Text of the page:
Could we. therefore, say that perhaps the Number One need of Panglao is the urgent need to elect a much better mayor of Panglao during next year’s election? Maybe, it must be about time for the people of Panglao to be serious in their search for a  more dynamic, forward-looking mayor.

It may not be helpful for the Panglaoanons to be limited in their choices among the same old names like Montero, Fuertes, former Mayor Dodong Alcala or former Mayor Doloreich Dumaloan.  They have been there at the town hall before.  But nothing happened. 


How about to have a new dynamic and not necessarily much of a politically-colored person to be the next mayor of Panglao.   Dumaloan could perhaps be the new kingmaker in Panglao, a title held by his longtime mortal enemy in the person of the late hotelier Anos Fonacier.

For instance, one can conclude a lack of executive foresight with the dark streets of the so-called fabled island of Panglao – it is an obvious problem that does not need a rocket scientist to see.


And what about the other problem of traffic congestion in Tagbilaran, being the gateway and capital of the province?  True, many city roads have been concreted and in much better condition compared to the era of former Mayor Dan Lim.  But we believe that mere road concreting the is not enough as much as creating viable new secondary alternative roads.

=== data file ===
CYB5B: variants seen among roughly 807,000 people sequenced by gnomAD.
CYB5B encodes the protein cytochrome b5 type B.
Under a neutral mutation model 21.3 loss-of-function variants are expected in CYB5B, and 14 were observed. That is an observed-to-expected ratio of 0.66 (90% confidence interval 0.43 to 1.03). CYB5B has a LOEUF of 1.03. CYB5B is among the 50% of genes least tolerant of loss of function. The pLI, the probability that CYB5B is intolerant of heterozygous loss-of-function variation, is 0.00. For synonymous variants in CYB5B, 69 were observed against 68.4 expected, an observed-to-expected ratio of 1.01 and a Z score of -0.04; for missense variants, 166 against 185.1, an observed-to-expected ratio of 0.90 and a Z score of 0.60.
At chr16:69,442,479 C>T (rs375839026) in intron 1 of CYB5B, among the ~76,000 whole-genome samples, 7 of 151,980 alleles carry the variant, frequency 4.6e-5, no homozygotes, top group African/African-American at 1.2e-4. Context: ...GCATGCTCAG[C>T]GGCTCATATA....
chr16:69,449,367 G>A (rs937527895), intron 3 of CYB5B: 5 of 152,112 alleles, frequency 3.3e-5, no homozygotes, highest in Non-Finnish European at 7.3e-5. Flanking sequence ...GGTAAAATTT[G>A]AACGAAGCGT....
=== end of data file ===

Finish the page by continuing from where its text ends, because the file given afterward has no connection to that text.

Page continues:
People ask about whatever happened to the planned boulevard-like diversion road down Gallares Street.?  The present traffic congestion along Gallares Street and CPG Avenue will worsen in the coming days when there will be more arrivals once the new international airport will be opened.

Mayor Baba Yap whose second term is about to end should double time to have new road openings in the city like those where there is a clogging of vehicles like at Plaza Rizal, the  corner of City Hall/Island City Mall,  and the Bohol Wisdom School where the new provincial capitol will soon be opened and other areas.   Cemented roads cannot solve the congestion.  

We need to see these new alternative roads to be among the next top agenda of Mayor Yap as he will be serving his last 3-year term after the May 2019 polls.

Our LGUs should also take heed of the Bohol Chamber of Commerce and Industry to start the groundwork for a “mass transit system” serving both ends of Panglao and Tagbilaran City.

Many times, progress strides much faster than good governance can match. We need not accept that possibility in our case. We should aim for governance matching progress strides on an even keel. That’s why people elected you to positions of power.

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THE CHRONICLE WELCOMES A NEW COLUMNIST  in the person of Boni Quirog in our Opinion Page. His treatment will be diversified as the title of his column is aptly called: Threefold Society.

He has also shown his positive bias to a globally important topic like the environment by winning as early as 1998 the Director General’s Prize for Essay on the Environment in Tokyo, Japan.

Quirog holds a baccalaureate degree in Sociology from the Ateneo de Davao University, a Ph. D for Human Resources from the University of Bohol and a Bachelor of Laws from the Holy Name University. He is currently the Secretary of the Sangguniang Panlalawigan and member of the Bohol Arts and Cultural Heritage Council.

He dabbles in poetry, songwriting, and essay. His research work includes social threefolding, local politics, interfaith peacemaking, training needs, and capability building.  An interesting hodgepodge of disciplines.

Welcome on board, Boni.